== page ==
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[ 5 minute read…]

Cracking is an indication or symptom of an underlying problem within the structure or element. It is the bond separation of elements or building sections to the extent where continuity is broken. By observing and analysing cracks, one can get a very good idea of the cause and reasons thereof.

The subject of cracking is very broad, but the three major categories to consider are:

  • Is the crack is Active, or Inactive? Are the cracks changing in length or width over time?
  • And, what is the duration of the crack development?
  • What are the 5 common types of cracks and when do you need to call a structural engineer?

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The other factors to consider are;


What is the element in question composed of?

  • Brick – Bricks have a tendency to ‘grow ‘over a period of years, creating internal stresses which are relieved through cracking of the structures. This is often noted as vertical cracking at the corners of older brick structures.
  • Concrete – Concrete structures will generally be steel reinforced, and any cracking noted should be further investigated.
  • Combination of Materials – As different materials have different rates of expansion, cracking is often evident along the interfaces between the two materials.

Where are the cracks located?

  • At openings – Stresses within structures concentrate around edges and corners of openings in buildings. Hence one will often see cracks emanating from the corners of windows and doors.
  • Beams, Columns & Slabs – Are the cracks located towards the ends or edges; or are they centrally located? The location of the crack assists in identifying the cause and source of the problem.
  • Position on Structure – Whether a crack emanates from the top or the bottom will generally signify the type of movement being experienced by the structure i.e., an upward or downwards movement.

Shape, Length & Width

Cracks are categorised in terms of severity. This categorisation is based on shape, length, and width. In an active crack, the categorisation will change over time. This change can be either increasing or decreasing, dependant on the cause of movement.

Crack Pattern

  • Regular Horizontal & Vertical – Regular crack patterns usually coincide with underlying separation or weak points, such as construction or expansion joints.
  • Diagonal, tapered, and parallel – These cracks are a good indication of structural movement within a building or element. These cracks will generally extend through the building or element. In brickwork, these cracks generally follow the mortar joint-lines in a stepped pattern – but sometimes do run through brick units.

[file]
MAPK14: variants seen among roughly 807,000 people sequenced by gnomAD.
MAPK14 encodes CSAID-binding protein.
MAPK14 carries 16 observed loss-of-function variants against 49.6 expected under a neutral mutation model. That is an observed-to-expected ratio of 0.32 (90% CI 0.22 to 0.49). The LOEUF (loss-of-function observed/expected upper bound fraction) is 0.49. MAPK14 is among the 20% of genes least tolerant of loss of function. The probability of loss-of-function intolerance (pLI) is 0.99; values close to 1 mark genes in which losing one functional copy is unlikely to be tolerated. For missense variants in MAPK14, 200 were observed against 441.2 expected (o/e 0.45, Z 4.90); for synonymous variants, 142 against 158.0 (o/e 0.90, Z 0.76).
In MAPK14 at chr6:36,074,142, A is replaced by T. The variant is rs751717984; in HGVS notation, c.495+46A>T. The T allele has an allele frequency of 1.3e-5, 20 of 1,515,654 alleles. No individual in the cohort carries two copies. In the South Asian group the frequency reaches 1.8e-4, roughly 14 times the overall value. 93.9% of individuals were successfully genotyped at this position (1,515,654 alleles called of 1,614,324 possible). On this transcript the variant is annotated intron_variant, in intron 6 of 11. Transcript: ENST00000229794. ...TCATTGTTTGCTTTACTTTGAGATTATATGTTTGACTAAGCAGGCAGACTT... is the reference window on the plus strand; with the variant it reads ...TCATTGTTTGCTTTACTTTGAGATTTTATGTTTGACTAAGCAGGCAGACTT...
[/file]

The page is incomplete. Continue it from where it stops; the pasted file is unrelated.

• Crazed cracking – These cracks are often noted in plaster work and new concrete, and are usually a result of shrinkage cracking. The cracks follow no particular pattern and are haphazard in appearance. [ click here to download our 5 common types of crack patterns and what to do about them ]

Discolouration and Salty deposits

  • Discolouration – A reddish brown discharge from cracks within concrete is a good indication of underlying spalling within concrete under moist conditions. Not all spalling however will exhibit this staining.
  • Stalactites – White crystallization and the forming of stalactites under slabs and beams are as a result of dissolved salts within the egressing water, through small cracks in the concrete element.

Mechanical Damage

Physical / mechanical damage to buildings and structures is attributed to accidental over-loading or impact. Cracking of the structures or elements can be caused by impact loading of vehicles, or dropping of heavy loads, which exceeds the original design capacity of the element.


Further Notes

The above is not an exhaustive list of crack types, and causes, but serves an as indication of what can typically be expected. In most instances, common sense and logic should prevail in making the decision as to whether an engineer should be called upon for assistance, with remedials and specifications. A qualified person should usually be able to advise – from a visual inspection – the nature and cause of the cracking encountered.

This guideline was written by Hiscutt & Dray Consulting.

For more information please contact them on (+27) 31 701 8406 or email them on